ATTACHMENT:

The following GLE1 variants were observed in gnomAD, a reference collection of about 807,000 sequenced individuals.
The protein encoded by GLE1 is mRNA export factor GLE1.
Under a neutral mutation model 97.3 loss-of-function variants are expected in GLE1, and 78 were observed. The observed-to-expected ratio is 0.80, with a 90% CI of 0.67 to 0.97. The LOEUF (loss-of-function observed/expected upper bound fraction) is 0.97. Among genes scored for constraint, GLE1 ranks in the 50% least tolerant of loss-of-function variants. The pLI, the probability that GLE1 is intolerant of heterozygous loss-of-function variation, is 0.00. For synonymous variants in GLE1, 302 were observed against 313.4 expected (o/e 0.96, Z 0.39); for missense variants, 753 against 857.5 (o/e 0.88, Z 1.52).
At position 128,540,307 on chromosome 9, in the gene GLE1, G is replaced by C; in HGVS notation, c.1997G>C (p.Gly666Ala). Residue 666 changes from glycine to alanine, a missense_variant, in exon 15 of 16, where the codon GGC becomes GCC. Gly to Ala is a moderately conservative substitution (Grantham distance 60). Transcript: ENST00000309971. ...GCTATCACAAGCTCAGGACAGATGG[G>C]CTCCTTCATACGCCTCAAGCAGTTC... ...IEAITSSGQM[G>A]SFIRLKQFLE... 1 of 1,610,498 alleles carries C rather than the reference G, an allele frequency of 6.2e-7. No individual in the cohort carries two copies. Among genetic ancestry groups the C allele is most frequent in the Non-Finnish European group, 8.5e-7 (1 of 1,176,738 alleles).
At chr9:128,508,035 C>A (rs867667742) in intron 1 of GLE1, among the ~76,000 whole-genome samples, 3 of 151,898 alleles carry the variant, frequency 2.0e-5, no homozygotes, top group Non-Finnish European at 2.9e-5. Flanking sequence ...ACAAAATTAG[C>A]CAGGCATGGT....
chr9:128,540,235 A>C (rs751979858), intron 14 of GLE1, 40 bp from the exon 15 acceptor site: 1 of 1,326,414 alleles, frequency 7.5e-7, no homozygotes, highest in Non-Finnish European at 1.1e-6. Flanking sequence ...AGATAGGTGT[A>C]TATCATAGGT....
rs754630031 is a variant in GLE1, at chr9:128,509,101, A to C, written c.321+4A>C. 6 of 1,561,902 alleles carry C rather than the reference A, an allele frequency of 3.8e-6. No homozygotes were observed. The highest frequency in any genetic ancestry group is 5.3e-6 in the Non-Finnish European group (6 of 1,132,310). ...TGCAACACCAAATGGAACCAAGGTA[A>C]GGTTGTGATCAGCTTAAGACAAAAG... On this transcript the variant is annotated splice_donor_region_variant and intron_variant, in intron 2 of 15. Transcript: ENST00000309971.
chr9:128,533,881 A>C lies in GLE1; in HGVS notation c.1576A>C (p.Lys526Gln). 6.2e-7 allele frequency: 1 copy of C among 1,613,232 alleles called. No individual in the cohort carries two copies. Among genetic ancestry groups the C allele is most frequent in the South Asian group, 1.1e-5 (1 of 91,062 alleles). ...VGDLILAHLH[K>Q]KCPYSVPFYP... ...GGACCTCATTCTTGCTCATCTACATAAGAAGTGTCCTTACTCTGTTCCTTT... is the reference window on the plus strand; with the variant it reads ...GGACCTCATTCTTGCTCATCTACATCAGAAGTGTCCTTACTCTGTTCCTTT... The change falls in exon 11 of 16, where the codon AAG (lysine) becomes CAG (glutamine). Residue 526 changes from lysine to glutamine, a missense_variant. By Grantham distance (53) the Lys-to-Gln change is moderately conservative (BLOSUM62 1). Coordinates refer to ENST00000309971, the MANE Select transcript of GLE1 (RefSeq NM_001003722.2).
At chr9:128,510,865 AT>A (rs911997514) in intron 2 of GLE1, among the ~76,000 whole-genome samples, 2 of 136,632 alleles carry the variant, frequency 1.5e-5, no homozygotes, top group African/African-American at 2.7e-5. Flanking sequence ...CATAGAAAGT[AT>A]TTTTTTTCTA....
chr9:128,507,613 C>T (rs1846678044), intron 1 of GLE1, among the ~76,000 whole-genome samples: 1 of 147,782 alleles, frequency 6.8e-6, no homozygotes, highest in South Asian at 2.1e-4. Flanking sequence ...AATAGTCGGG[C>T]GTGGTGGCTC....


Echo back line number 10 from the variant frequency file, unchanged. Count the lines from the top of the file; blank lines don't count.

chr9:128,507,613 C>T (rs1846678044), intron 1 of GLE1, among the ~76,000 whole-genome samples: 1 of 147,782 alleles, frequency 6.8e-6, no homozygotes, highest in South Asian at 2.1e-4. Flanking sequence ...AATAGTCGGG[C>T]GTGGTGGCTC....